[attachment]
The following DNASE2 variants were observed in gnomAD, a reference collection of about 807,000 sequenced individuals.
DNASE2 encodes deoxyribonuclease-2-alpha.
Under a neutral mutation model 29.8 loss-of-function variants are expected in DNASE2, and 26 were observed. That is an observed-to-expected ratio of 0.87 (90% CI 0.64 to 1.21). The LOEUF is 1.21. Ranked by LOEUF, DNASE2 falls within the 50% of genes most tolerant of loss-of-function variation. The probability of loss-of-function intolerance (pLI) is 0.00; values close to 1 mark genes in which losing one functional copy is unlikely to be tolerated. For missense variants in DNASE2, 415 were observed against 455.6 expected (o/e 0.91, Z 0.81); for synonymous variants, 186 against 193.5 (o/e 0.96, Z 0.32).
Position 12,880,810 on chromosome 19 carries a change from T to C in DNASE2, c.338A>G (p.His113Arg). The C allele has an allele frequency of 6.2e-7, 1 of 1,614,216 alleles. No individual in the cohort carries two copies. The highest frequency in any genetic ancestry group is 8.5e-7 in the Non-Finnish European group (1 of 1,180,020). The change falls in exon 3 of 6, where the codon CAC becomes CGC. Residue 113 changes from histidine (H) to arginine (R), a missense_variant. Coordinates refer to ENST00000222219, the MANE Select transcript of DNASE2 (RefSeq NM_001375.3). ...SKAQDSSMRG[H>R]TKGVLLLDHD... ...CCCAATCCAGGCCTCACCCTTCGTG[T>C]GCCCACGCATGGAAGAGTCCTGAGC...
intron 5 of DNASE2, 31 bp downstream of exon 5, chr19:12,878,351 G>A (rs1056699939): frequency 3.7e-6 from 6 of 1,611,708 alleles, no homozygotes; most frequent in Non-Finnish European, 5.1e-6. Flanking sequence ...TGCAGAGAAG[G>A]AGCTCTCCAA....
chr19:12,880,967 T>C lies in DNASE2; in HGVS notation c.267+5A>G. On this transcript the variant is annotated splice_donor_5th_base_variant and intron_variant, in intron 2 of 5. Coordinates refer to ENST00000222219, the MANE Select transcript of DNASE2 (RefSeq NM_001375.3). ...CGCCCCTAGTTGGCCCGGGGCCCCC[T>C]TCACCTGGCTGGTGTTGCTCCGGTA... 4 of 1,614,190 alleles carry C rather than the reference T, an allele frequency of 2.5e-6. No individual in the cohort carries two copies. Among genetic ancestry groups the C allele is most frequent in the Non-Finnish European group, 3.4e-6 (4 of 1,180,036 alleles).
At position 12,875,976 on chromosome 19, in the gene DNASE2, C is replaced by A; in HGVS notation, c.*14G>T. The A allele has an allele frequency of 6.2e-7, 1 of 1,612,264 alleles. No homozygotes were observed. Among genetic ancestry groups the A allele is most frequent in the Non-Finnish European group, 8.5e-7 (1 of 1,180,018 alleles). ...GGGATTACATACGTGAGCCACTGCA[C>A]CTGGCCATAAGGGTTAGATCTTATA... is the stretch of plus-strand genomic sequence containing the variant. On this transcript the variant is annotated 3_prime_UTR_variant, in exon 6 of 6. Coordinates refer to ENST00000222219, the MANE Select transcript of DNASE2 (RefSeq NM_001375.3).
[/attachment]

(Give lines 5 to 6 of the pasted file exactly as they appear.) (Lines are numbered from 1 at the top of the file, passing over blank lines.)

intron 5 of DNASE2, 31 bp downstream of exon 5, chr19:12,878,351 G>A (rs1056699939): frequency 3.7e-6 from 6 of 1,611,708 alleles, no homozygotes; most frequent in Non-Finnish European, 5.1e-6. Flanking sequence ...TGCAGAGAAG[G>A]AGCTCTCCAA....
chr19:12,880,967 T>C lies in DNASE2; in HGVS notation c.267+5A>G. On this transcript the variant is annotated splice_donor_5th_base_variant and intron_variant, in intron 2 of 5. Coordinates refer to ENST00000222219, the MANE Select transcript of DNASE2 (RefSeq NM_001375.3). ...CGCCCCTAGTTGGCCCGGGGCCCCC[T>C]TCACCTGGCTGGTGTTGCTCCGGTA... 4 of 1,614,190 alleles carry C rather than the reference T, an allele frequency of 2.5e-6. No individual in the cohort carries two copies. Among genetic ancestry groups the C allele is most frequent in the Non-Finnish European group, 3.4e-6 (4 of 1,180,036 alleles).